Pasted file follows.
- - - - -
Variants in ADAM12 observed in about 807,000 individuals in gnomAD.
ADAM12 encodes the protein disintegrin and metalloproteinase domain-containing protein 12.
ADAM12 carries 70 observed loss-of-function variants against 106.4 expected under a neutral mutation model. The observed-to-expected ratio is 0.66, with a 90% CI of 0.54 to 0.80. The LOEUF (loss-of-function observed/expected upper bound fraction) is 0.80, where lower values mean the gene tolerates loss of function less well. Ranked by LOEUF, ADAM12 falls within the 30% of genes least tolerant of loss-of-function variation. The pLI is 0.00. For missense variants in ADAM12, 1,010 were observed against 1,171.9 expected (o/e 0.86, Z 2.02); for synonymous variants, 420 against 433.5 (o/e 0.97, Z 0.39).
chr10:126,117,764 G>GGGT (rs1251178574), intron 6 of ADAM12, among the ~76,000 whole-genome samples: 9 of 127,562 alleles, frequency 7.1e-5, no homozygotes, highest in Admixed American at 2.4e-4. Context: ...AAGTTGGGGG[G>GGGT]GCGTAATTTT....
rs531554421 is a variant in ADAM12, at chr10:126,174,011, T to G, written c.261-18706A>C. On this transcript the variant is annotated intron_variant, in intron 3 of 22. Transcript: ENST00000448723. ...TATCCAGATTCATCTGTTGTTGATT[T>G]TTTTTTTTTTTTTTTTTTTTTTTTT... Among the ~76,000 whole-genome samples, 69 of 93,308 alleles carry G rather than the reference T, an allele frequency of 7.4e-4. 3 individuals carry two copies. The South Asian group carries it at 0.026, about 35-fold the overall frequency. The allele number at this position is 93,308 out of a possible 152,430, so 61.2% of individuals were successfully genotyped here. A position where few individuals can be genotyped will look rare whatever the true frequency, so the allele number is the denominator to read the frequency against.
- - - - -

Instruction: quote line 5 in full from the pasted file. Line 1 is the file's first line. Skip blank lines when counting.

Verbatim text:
rs531554421 is a variant in ADAM12, at chr10:126,174,011, T to G, written c.261-18706A>C. On this transcript the variant is annotated intron_variant, in intron 3 of 22. Transcript: ENST00000448723. ...TATCCAGATTCATCTGTTGTTGATT[T>G]TTTTTTTTTTTTTTTTTTTTTTTTT... Among the ~76,000 whole-genome samples, 69 of 93,308 alleles carry G rather than the reference T, an allele frequency of 7.4e-4. 3 individuals carry two copies. The South Asian group carries it at 0.026, about 35-fold the overall frequency. The allele number at this position is 93,308 out of a possible 152,430, so 61.2% of individuals were successfully genotyped here. A position where few individuals can be genotyped will look rare whatever the true frequency, so the allele number is the denominator to read the frequency against.